One Step Closer went free at Amazon in September, and very quickly overtook our other free offering, the infinities anthology (which, itself, had been a big success, hitting number two in the free anthology charts in the US, and holding the number one slot in the equivalent chart in the UK for several weeks, a position it still holds).

To be honest, I don’t really understand why Iain’s short story has been such a big success. It’s a fine story, of course, and being an award-winner must help establish its credentials for anyone unfamiliar with Iain’s work. It has a great cover and is nicely put together. Iain has a strong social media presence, and has worked hard at promoting his various books. There must be lots of elements of good fortune involved, too, and a key thing is that success can be self-perpetuating: once a story hits number one, it becomes far more visible, which keeps the success going.

Whatever the reasons, some time last night Iain’s short story hit the landmark of 10,000 downloads through Amazon. It’s occupied the number one free story download slot in the UK for several weeks, and for that period has been a fixture in the top 20 free downloads of any kind at Amazon UK, against some tough competition.

What remains to be seen, though, is just how this translates into commercial success. What we do know is that more than 10,000 readers have liked the look of the book enough to download it. Some of those will have read it already; some will read it over the coming months; others will lose it among all the other freebies they’ve downloaded.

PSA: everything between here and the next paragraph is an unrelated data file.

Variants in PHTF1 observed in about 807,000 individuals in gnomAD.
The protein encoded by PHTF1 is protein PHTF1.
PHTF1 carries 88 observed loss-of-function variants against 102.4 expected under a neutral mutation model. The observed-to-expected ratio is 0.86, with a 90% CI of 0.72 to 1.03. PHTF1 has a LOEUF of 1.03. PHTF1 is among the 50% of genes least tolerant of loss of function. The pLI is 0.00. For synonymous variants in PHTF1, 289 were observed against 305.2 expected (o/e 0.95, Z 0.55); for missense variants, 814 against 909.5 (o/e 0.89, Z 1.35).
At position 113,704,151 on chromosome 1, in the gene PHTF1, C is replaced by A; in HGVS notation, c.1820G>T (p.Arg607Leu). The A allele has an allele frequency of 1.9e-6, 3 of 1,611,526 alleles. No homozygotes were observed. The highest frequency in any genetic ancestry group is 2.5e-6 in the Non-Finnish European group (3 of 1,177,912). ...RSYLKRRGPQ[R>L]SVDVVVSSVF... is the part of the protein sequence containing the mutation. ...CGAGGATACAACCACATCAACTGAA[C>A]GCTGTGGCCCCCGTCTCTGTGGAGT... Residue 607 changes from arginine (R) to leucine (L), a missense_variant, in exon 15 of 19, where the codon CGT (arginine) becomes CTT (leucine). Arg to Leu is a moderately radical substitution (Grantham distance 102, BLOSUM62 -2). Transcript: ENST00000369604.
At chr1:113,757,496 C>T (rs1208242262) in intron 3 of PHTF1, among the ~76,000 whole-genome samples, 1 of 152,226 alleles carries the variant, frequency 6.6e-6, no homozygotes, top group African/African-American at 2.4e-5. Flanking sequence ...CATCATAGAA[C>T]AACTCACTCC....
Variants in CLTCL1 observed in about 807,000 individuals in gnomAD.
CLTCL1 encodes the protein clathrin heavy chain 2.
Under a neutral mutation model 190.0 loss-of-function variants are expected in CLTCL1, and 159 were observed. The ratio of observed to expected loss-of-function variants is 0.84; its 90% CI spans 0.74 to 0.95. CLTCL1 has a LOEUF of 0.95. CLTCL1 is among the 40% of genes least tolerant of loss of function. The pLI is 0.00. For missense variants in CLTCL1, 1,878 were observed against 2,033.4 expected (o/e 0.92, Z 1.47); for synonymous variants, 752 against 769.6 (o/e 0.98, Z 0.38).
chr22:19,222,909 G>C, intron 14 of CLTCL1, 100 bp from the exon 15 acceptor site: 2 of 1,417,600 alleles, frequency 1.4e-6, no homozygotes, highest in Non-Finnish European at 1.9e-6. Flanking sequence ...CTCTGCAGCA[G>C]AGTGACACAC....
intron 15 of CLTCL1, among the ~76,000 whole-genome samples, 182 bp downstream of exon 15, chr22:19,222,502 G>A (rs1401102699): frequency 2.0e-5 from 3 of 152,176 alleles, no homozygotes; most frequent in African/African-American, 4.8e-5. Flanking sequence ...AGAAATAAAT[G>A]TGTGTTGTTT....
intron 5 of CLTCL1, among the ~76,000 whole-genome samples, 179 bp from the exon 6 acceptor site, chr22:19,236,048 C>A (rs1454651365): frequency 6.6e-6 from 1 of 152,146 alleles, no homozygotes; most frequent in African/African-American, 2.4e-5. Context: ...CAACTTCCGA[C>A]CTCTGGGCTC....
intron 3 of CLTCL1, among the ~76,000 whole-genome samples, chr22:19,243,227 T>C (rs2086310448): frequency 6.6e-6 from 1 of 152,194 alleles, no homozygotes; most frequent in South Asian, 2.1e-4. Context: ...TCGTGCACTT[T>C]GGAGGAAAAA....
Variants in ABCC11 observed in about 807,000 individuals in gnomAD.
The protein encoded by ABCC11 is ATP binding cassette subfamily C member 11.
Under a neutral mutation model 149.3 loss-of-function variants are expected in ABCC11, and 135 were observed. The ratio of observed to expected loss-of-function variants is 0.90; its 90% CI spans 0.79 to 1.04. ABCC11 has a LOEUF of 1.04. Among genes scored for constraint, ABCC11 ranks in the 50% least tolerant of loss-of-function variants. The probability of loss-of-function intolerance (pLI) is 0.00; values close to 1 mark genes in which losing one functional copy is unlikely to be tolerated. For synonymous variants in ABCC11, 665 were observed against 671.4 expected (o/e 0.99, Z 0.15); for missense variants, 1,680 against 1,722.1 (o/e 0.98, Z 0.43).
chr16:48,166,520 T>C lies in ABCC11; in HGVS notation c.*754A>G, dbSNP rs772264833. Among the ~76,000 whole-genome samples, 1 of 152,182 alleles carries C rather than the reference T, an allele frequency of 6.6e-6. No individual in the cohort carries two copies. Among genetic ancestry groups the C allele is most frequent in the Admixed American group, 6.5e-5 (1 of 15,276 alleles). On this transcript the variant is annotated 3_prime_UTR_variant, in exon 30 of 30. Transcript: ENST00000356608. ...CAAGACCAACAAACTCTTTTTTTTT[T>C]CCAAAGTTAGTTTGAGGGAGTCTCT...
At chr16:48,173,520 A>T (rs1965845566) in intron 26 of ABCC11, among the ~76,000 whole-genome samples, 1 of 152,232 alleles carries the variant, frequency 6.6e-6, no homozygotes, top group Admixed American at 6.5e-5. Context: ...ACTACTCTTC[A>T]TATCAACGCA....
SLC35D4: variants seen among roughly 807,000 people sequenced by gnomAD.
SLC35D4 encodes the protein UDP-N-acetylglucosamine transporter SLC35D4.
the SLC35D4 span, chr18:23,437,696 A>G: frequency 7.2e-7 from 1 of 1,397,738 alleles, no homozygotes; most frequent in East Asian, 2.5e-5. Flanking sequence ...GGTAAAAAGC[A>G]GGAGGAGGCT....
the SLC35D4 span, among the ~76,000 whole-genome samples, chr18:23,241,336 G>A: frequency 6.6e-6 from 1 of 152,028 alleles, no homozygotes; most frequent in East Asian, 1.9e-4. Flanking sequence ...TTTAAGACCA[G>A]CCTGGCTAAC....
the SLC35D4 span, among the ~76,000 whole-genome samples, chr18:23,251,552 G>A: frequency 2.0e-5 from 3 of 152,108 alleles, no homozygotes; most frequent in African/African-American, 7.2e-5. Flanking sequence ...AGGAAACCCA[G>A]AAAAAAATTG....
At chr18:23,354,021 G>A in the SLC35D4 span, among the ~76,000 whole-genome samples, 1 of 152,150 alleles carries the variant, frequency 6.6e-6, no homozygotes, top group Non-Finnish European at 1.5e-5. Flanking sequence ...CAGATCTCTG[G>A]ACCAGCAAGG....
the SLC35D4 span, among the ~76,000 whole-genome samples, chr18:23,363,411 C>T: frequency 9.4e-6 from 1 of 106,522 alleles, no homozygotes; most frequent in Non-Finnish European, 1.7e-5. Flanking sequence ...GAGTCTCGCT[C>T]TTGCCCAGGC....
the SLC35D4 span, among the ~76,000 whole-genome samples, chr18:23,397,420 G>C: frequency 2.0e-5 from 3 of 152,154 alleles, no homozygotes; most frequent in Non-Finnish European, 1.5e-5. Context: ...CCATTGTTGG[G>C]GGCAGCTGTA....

Of those who read it, some – a large proportion, I reckon – will like it a lot, because it’s a hell of a story. But how many of these will immediately follow up by clicking on a link to Amazon to find Iain’s other work? How many will intend to do that, but because they didn’t do it immediately, will become increasingly unlikely to follow through? How many will remember Iain’s name next time they’re browsing and so click on a link to his other books?

It’s incredibly hard to answer these questions, as it’s just not possible to track purchasing decisions back to their origins. Amazon gives us good reporting, but not that good!

After success like this, though, I’m certainly looking forward to trying to make sense of it all over the coming weeks and months!